Kellyanne Conway: The Case for and Against Trump
Donald J. Trump shocked the world in 2016 by winning the White House and becoming the first president in U.S. history with no prior military or government experience. He upended the fiction of electability pushed by pundits, the news media and many political consultants, which arrogantly projects who will or will not win long before votes are cast. He focused instead on capturing a majority in the Electoral College, which is how a candidate does or does not win. Not unlike Barack Obama eight years earlier, Mr. Trump exposed the limits of Hillary Clinton’s political inevitability and personal likability, connected directly with people, ran an outsider’s campaign taking on the establishment, and tapped into the frustrations and aspirations of millions of Americans.
Some people have never gotten over it. Trump Derangement Syndrome is real. There is no vaccine and no booster for it. Cosseted in their social media bubbles and comforted within self-selected communities suffering from sameness, the afflicted disguise their hatred for Mr. Trump as a righteous call for justice or a solemn love of democracy and country. So desperate is the incessant cry to “get Trump!” that millions of otherwise pleasant and productive citizens have become naggingly less so. They ignore the shortcomings, failings and unpopularity of President Biden and Vice President Kamala Harris and abide the casual misstatements of an administration that says the “border is secure,” inflation is “transitory,” “sanctions are intended to deter” Putin from invading Ukraine and they will “shut down the virus.” They’ve also done precious little to learn and understand what drives the 74 million fellow Americans who were Trump-Pence voters in 2020 and not in the U.S. Capitol on Jan. 6, 2021.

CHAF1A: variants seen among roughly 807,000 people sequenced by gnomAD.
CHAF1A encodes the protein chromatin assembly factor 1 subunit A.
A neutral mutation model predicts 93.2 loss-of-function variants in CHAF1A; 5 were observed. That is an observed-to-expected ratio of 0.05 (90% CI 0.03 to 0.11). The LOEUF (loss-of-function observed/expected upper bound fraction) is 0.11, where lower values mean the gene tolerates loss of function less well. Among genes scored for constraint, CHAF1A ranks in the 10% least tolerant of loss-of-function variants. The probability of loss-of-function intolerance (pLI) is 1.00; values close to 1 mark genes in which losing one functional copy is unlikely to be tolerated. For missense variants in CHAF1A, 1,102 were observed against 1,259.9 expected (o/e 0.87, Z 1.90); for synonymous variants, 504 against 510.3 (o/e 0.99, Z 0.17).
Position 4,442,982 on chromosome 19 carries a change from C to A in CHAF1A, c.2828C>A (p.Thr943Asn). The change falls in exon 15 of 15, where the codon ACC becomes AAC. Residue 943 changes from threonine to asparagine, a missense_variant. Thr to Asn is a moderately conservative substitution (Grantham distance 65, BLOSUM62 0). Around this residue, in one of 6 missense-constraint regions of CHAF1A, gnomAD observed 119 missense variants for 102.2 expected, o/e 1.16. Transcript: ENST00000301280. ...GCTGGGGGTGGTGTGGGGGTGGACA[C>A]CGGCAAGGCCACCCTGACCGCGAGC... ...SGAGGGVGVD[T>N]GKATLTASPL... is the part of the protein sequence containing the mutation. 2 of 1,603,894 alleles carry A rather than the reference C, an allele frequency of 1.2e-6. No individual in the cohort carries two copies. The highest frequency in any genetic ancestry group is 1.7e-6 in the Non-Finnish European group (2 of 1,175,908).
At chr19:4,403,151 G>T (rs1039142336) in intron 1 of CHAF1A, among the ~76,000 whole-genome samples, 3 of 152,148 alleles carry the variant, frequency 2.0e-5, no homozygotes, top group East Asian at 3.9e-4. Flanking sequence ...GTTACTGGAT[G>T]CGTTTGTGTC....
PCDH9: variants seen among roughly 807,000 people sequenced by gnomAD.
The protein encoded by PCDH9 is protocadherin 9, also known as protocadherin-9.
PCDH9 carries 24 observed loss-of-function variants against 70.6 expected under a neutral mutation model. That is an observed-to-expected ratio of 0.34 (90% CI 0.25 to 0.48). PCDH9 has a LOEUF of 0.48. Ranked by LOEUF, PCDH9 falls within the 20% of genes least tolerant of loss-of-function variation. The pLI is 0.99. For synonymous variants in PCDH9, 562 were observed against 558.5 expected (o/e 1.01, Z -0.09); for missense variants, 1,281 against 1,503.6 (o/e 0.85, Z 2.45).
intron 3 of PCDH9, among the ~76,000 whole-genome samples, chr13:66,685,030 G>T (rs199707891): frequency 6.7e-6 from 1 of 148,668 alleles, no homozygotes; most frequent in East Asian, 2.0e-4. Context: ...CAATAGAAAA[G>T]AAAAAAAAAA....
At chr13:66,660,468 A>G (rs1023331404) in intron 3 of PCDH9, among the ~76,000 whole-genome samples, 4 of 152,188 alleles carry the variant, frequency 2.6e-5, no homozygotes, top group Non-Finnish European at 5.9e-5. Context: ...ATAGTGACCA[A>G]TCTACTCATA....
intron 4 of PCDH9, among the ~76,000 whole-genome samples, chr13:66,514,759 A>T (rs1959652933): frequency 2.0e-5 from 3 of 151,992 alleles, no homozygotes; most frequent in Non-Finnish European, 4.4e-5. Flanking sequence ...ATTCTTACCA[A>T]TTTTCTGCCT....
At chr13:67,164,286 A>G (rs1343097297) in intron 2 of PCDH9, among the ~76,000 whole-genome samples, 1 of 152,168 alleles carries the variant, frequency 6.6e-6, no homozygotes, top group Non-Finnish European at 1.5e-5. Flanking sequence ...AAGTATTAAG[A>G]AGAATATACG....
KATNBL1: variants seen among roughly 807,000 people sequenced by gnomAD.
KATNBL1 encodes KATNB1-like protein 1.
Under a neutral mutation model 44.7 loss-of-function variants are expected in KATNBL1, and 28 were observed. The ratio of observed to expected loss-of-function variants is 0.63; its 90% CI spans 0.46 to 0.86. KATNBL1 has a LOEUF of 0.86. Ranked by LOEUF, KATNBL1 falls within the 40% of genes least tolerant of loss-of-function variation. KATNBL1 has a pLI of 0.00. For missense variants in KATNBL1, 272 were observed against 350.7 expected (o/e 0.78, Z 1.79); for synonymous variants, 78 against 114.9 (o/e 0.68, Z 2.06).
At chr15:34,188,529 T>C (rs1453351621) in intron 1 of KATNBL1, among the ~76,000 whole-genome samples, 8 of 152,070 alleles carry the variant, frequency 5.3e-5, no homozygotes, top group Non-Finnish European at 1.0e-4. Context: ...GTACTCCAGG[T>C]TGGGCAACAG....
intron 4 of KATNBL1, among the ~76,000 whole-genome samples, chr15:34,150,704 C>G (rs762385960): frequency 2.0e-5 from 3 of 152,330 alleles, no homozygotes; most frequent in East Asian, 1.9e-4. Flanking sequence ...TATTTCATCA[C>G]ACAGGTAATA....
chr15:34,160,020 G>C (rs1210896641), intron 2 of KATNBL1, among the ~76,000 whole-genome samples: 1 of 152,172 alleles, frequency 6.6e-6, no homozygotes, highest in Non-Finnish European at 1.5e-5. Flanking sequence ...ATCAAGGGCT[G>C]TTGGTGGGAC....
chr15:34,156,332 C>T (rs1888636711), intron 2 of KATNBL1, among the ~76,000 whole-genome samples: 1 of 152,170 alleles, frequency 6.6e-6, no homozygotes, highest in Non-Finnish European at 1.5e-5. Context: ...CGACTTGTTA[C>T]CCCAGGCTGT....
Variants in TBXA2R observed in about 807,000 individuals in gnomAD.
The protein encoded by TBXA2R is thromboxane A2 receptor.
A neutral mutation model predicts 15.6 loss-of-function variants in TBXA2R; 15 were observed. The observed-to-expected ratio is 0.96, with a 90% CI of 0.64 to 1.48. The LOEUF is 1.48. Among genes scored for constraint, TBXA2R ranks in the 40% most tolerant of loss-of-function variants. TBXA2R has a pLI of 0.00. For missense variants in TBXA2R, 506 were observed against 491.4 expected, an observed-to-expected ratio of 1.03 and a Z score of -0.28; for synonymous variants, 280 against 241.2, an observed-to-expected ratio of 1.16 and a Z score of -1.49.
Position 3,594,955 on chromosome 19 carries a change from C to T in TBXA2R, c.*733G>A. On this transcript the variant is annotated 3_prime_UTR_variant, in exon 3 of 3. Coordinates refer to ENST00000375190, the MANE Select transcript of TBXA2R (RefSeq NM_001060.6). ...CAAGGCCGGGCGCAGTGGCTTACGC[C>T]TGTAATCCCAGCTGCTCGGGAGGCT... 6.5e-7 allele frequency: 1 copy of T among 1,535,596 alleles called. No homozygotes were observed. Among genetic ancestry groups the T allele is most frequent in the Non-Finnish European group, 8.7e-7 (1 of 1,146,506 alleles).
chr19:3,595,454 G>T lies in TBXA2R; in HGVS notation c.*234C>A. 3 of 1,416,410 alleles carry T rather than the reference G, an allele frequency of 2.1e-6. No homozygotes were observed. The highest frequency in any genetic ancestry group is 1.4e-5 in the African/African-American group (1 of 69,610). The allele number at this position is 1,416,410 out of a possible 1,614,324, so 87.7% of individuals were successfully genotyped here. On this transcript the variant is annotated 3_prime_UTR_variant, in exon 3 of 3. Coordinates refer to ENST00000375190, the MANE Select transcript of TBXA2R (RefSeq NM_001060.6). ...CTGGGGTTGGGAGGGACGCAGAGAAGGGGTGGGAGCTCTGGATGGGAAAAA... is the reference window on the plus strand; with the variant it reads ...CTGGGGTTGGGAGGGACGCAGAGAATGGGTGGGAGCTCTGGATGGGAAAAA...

The obsession with Mr. Trump generates all types of wishful thinking and projection about the next election from both his critics (“He will be indicted!”) and his supporters (“Is he still electable?”). None of that is provable, but this much is true: Shrugging off Mr. Trump’s 2024 candidacy or writing his political obituary is a fool’s errand — he endures persecution and eludes prosecution like no other public figure. That could change, of course, though that cat has nine lives.
At the same time, it would also be foolish to assume that Mr. Trump’s path to another presidency would be smooth and secure. This is not 2016, when he and his team had the hunger, swagger and scrappiness of an insurgent’s campaign and the “history be damned” happy warrior resolve of an underestimated, understaffed, under-resourced effort. It’s tough to be new twice.
Unless what’s old can be new again. Mr. Trump’s track record reminds Republican primary voters of better days not that long ago: accomplishments on the economy, energy, national security, trade deals and peace deals, the drug crisis and the southern border. He can also make a case — one that will resonate with Republicans — about the unfairness and hypocrisy of social media censorship and alleged big tech collusion, as recent and ongoing revelations show. Mr. Trump, as a former president, can also be persuasive with Republican primary voters and some independents in making a frontal attack on the Biden administration’s feckless management of the economy, reckless spending and lack of urgency and competence on border control and crime.